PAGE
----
Financing the Response to AIDS in Low- and Middle- Income Countries: International Assistance from Donor Governments in 2011
UNAIDS and the Kaiser Family Foundation have been tracking donor government assistance for AIDS in low- and middle- income countries since 2002. This latest report provides data from governments for 2011, the most recent year with comparable data available across donors. As it shows, international assistance rose sharply from 2002 through 2008, the period just before the onset of the economic crisis. It then began to flatten and, last year, for the first time, disbursements declined. The current report finds that although funding has gone back up, it remains at 2008 levels. If such trends continue, reaching the UN Political Declaration investment target of $22-24 billion needed by 2015 could be at risk.
How underfunding the Global Fund to Fight AIDS, Tuberculosis, and Malaria impacts on the HIV Response
This report draws on recently collected field data from numerous countries where the International HIV/AIDS Alliance operates to explain why the funding crisis requires urgent action on the part of Global Fund donors and all other stakeholders. The Alliance’s recommendations for responding to the crisis are based on our analysis of the implications of funding shortfalls in the following specific areas: HIV treatment; HIV prevention; care and support; services for key populations at higher risk of HIV infection; and efforts to create an enabling environment.
Tuberculosis Research and Development: 2011 Report on Tuberculosis Research Funding trends, 2005-2010 - 2nd Edition
This is the 2nd Edition of the Treatment Action Group and Stop TB Partnership’s 2011 report on funding trends for tuberculosis (TB) research and development (R&D) from the baseline year 2005 through 2010, the last year for which full data is available. Updates to this report include new funding figures from the Canadian Institutes for Health Research, the Global Fund to Fight AIDS, TB, and Malaria, and Company Y; as well as revised data from Pfizer and the European Commission. In total, these donors reported an additional $13.4 million in TB R&D funding for 2010.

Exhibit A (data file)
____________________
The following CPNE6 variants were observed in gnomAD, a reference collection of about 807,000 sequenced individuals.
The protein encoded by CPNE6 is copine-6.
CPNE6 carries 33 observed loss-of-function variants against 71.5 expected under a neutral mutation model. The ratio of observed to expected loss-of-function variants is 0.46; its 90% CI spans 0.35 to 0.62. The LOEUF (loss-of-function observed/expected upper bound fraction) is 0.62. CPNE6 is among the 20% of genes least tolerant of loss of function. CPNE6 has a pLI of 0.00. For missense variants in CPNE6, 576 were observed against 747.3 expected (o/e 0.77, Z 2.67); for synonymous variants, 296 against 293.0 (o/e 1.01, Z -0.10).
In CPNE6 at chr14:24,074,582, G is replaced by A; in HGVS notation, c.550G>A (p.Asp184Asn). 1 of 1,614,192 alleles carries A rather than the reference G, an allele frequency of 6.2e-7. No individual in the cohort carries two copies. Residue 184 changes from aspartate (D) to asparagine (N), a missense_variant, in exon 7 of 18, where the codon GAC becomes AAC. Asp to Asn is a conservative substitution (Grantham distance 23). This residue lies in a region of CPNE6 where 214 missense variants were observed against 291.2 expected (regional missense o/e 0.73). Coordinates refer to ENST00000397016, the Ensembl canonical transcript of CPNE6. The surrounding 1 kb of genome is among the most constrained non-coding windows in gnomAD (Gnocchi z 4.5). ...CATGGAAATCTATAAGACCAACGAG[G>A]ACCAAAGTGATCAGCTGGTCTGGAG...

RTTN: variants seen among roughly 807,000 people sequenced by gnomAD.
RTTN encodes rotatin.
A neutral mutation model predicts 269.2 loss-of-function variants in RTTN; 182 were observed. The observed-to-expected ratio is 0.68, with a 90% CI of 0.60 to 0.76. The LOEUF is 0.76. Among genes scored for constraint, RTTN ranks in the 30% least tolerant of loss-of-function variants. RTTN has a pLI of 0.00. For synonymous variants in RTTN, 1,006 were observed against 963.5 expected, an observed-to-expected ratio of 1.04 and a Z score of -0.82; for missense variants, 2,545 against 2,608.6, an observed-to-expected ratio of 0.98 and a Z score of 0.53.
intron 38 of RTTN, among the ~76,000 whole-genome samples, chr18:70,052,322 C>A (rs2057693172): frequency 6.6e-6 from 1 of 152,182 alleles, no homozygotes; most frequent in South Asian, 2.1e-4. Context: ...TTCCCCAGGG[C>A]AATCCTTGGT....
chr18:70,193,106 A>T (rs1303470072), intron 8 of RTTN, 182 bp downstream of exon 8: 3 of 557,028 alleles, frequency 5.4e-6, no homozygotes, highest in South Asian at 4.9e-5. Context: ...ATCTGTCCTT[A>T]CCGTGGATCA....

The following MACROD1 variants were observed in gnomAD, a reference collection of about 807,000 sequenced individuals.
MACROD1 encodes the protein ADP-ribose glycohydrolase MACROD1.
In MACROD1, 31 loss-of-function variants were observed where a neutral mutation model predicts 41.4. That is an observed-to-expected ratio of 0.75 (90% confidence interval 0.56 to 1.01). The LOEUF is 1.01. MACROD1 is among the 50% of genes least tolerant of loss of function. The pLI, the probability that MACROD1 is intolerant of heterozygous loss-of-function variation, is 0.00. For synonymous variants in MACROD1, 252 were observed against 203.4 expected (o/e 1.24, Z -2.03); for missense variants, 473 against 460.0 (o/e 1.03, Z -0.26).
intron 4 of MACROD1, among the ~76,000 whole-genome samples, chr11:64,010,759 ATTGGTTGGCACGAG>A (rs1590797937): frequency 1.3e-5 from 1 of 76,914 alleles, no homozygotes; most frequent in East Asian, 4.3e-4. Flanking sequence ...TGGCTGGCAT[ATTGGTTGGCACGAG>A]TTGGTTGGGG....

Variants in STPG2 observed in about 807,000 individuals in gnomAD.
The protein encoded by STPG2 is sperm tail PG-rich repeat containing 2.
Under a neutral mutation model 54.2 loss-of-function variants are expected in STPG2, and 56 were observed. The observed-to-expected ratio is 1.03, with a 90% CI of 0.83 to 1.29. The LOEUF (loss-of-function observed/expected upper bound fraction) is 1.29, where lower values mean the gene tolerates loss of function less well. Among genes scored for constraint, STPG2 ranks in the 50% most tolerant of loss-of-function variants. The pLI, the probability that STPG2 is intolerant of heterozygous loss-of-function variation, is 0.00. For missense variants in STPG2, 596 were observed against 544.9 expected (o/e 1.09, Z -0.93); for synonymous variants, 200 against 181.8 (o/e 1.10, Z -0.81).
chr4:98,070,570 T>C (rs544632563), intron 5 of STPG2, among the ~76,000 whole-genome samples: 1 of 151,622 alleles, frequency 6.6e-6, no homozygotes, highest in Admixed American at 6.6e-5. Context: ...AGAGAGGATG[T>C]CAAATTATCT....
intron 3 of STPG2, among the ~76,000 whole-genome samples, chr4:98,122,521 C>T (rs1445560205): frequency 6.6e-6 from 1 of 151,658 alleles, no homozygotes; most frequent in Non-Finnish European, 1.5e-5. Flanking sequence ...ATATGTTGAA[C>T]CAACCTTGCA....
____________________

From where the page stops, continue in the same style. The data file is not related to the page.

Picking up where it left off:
Contents of Newsletter
Welcome to the 95th issue of HIV This Week ! In this issue, we cover the following topics:
1. Young people
• Sexual risk for HIV in South Africa and the USA: it is not at all what you think
Over the course of 2011, the Geneva-based Global Fund to Fight AIDS, Tuberculosis, and Malaria experienced unprecedented adversity. Media accounts and internal reports drew attention to instances of corruption involving grantees: $34 million of probable fraud in four African countries triggered a suspension of assistance by Germany and two other European donors. External reviews detailed the Fund’s deficient managerial practices, weak oversight of investments, and ineffectual board governance. An alarming, $2-billion-plus financial shortfall, revealed suddenly at year’s end, reflected a worsening global economy, overly optimistic forecasting by the Fund secretariat, and flagging donor trust and confidence in the Fund itself.
The Global Financial Crisis Has Led To A Slowdown In Growth Of Funding To Improve Health In Many Developing Countries
How has funding to developing countries for health improvement changed in the wake of the global financial crisis? The question is vital for policy making, planning, and advocacy purposes in donor and recipient countries alike. We measured the total amount of financial and in-kind assistance that flowed from both public and private channels to improve health in developing countries during the period 1990–2011. The data for the years 1990–2009 reflect disbursements, while the numbers for 2010 and 2011 are preliminary estimates. Development assistance for health continued to grow in 2011, but the rate of growth was low.We estimate that assistance for health grew by 4 percent each year from 2009 to 2011, reaching a total of $27.73 billion.
In March 2010 the Roll Back Malaria (RBM) Partnership launched the RBM Progress & Impact Series, a strategic effort to secure high levels of commitment to malaria control among donor countries, international health organizations and governments of endemic and epidemic countries. By benchmarking progress this effort has sought to ensure a level of support that would result in sustained, longterm commitment and success toward ultimately ridding the world of malaria.
Financing the Response to AIDS in Low- and Middle- Income Countries: International Assistance from Donor Governments in 2010
The last decade saw a dramatic rise in resources devoted to addressing the HIV epidemic in low- and middle- income countries, contributing to significant scale up of treatment and prevention efforts. In marking the 30th year of the epidemic, UNAIDS recently reported that treatment access had increased more than 20 times and new infections fell by nearly 25% over the decade.1